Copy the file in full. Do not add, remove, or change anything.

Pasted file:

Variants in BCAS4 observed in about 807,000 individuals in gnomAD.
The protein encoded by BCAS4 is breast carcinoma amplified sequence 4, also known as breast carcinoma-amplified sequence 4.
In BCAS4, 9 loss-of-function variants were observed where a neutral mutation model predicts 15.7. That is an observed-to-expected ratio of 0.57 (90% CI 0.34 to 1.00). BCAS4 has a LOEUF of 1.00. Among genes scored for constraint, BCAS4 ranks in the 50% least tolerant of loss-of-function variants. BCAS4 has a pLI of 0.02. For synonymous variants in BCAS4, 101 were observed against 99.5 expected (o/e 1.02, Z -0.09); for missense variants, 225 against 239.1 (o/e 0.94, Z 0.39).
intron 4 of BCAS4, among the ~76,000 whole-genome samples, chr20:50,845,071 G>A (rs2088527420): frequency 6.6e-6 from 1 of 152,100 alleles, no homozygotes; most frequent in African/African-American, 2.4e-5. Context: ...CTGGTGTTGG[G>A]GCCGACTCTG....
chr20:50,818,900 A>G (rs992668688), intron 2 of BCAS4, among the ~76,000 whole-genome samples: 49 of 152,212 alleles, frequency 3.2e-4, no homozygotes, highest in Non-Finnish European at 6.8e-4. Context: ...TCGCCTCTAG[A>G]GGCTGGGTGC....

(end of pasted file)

Variants in BCAS4 observed in about 807,000 individuals in gnomAD.
The protein encoded by BCAS4 is breast carcinoma amplified sequence 4, also known as breast carcinoma-amplified sequence 4.
In BCAS4, 9 loss-of-function variants were observed where a neutral mutation model predicts 15.7. That is an observed-to-expected ratio of 0.57 (90% CI 0.34 to 1.00). BCAS4 has a LOEUF of 1.00. Among genes scored for constraint, BCAS4 ranks in the 50% least tolerant of loss-of-function variants. BCAS4 has a pLI of 0.02. For synonymous variants in BCAS4, 101 were observed against 99.5 expected (o/e 1.02, Z -0.09); for missense variants, 225 against 239.1 (o/e 0.94, Z 0.39).
intron 4 of BCAS4, among the ~76,000 whole-genome samples, chr20:50,845,071 G>A (rs2088527420): frequency 6.6e-6 from 1 of 152,100 alleles, no homozygotes; most frequent in African/African-American, 2.4e-5. Context: ...CTGGTGTTGG[G>A]GCCGACTCTG....
chr20:50,818,900 A>G (rs992668688), intron 2 of BCAS4, among the ~76,000 whole-genome samples: 49 of 152,212 alleles, frequency 3.2e-4, no homozygotes, highest in Non-Finnish European at 6.8e-4. Context: ...TCGCCTCTAG[A>G]GGCTGGGTGC....